“I'M OPENING MY ARMS RATHER THAN PUSHING AWAY:” PERCEIVED BENEFITS OF A MINDFULNESS-BASED INTERVENTION AMONG HOMELESS WOMEN AND YOUNG CHILDREN: Perceived Benefits of a Minfulness Intervention
Infant Mental Health Journal
Format: Journal Article
Publication Year: 2017
Pages: 434 - 442
Source ID: shanti-sources-68861
Collection: Mindfulness, Diversity, and Social Justice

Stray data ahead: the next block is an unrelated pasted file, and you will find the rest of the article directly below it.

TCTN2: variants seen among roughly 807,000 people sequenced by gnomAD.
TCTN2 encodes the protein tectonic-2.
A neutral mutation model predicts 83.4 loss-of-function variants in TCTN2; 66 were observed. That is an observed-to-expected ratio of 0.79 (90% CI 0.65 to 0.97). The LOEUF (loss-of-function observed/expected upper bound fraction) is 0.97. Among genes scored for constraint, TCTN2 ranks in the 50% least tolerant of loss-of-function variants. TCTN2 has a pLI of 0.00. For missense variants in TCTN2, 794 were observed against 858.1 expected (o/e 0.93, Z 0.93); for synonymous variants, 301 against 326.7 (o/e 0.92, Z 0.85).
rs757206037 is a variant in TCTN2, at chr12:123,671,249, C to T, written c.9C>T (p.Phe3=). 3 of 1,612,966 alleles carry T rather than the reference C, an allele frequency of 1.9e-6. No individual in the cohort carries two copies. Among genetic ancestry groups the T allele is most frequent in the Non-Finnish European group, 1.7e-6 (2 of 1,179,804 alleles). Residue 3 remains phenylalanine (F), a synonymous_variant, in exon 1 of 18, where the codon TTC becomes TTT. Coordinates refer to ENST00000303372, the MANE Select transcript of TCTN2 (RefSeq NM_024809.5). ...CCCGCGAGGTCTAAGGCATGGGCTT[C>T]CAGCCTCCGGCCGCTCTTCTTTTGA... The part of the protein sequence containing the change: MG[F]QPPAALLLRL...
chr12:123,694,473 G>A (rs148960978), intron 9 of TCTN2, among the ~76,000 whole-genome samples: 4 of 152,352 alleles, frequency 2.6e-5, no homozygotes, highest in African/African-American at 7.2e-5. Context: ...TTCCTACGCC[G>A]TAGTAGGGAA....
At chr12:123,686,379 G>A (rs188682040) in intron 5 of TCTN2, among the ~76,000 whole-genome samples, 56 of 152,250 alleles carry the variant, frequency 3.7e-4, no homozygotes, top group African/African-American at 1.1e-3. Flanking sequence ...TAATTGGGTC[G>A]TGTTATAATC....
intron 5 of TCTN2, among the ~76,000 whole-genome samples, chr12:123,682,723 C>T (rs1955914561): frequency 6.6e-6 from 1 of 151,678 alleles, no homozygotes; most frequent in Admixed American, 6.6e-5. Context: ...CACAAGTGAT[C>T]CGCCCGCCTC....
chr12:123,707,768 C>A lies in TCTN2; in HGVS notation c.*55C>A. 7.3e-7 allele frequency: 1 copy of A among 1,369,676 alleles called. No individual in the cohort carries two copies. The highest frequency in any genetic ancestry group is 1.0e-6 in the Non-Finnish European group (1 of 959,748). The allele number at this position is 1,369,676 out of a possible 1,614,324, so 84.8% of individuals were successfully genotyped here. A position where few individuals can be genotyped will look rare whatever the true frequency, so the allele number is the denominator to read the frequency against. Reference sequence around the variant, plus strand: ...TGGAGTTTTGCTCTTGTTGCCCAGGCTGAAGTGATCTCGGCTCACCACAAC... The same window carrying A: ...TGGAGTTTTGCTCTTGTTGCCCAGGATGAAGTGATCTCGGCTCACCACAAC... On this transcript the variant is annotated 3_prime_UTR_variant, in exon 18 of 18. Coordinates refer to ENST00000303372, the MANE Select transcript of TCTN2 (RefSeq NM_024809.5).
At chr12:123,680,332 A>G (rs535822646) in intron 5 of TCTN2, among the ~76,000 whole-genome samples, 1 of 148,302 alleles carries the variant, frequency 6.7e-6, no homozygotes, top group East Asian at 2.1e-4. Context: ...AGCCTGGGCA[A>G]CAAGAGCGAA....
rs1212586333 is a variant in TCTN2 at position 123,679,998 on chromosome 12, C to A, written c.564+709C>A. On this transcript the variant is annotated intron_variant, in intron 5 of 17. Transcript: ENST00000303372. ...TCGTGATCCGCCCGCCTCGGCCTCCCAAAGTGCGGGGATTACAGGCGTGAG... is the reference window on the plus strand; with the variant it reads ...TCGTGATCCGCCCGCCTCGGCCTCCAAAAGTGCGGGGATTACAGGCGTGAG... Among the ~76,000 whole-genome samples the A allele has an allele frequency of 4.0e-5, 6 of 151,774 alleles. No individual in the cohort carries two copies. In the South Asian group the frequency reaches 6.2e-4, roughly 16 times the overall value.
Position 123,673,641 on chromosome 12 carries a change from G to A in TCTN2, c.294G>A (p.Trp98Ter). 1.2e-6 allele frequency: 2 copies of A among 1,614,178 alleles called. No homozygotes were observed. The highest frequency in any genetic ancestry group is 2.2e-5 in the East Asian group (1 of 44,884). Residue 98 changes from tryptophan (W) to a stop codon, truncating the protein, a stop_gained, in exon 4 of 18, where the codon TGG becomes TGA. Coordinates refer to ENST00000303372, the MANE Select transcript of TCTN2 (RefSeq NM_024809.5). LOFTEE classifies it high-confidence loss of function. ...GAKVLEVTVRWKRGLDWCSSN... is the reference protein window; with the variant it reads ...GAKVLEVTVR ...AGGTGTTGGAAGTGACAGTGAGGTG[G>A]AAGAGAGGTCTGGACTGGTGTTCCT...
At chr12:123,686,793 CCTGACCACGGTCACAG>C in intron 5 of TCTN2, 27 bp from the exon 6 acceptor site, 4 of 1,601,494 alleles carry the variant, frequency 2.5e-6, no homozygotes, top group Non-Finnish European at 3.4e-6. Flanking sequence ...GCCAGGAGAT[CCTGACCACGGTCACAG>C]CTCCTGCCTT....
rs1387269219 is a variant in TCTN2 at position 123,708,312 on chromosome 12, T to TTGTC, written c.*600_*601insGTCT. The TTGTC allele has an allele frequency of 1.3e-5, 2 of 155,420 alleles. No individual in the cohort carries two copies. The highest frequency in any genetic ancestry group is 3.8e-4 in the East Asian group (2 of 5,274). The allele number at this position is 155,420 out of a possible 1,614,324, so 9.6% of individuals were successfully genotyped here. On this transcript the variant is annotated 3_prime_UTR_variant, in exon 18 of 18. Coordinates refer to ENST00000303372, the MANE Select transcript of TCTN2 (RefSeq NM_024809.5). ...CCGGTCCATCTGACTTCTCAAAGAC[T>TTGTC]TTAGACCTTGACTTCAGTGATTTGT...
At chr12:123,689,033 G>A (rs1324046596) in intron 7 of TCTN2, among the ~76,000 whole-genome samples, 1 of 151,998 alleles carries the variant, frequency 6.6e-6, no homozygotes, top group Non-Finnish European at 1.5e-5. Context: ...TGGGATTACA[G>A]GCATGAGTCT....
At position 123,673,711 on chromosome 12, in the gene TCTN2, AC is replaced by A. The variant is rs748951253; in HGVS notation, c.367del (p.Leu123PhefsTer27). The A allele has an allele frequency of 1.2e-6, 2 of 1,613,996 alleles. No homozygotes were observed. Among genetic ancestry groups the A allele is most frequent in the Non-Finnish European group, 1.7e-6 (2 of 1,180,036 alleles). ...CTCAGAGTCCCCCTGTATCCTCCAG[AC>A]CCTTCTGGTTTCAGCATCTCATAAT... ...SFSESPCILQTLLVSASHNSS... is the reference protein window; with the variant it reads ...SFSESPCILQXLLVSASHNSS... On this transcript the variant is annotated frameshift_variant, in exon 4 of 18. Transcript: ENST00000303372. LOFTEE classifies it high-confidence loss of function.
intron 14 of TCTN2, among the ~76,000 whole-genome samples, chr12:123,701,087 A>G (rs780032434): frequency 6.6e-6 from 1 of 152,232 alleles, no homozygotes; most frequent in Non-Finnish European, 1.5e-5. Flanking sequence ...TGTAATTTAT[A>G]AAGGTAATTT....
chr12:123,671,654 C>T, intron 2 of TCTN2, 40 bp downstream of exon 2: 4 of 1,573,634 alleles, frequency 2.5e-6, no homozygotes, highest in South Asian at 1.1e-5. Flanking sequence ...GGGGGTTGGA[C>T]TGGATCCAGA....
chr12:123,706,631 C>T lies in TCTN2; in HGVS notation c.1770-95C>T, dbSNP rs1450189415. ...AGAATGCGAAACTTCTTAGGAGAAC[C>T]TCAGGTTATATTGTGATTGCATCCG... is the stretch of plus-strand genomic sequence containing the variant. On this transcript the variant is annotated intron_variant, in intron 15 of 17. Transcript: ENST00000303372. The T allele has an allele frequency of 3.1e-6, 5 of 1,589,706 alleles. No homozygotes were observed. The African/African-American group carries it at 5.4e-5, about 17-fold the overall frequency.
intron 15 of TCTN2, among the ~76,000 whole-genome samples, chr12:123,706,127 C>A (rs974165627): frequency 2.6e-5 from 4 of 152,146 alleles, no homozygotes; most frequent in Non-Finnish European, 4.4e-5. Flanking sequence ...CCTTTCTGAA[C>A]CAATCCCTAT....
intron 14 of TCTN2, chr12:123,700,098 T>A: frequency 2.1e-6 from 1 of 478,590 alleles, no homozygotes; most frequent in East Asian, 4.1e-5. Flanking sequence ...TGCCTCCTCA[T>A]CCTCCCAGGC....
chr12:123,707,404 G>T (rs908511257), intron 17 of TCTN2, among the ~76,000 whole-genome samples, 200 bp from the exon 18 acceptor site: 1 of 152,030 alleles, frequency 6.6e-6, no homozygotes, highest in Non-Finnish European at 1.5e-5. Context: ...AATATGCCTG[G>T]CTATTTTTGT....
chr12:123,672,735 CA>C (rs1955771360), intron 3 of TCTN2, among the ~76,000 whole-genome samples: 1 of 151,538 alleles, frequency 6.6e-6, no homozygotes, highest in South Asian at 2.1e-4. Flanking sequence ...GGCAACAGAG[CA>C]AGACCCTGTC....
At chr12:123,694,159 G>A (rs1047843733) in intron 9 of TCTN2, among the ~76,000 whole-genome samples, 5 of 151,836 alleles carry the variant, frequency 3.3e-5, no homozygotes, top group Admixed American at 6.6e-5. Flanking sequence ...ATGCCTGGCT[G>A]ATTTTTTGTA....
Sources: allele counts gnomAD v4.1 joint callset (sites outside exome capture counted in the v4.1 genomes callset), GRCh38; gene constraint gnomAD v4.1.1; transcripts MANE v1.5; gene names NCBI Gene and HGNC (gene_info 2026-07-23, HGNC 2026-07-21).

Abstract: Family homelessness is associated with adverse outcomes in mothers and their young children. Evidence‐based programs are needed to support the socioemotional needs of these families. The purpose of this qualitative study was to explore the perceived benefits of participating in a mindfulness program in mother–child dyads receiving services at a therapeutic nursery serving homeless children under the age of 3 years. A convenience sample of 17 predominantly African American mothers participated in in‐depth qualitative interviews. Four themes were derived from the data regarding the perceived benefits of the mindfulness program: “me” time, maternal self‐regulation, dyadic connectedness, and child well‐being. Results demonstrate the perceived benefits of mindfulness on the parent–child relationship and have important implications for families at an increased risk of adverse outcomes. Because homelessness and residential instability confer considerable risk for young children, interventions to support effective parenting are critical.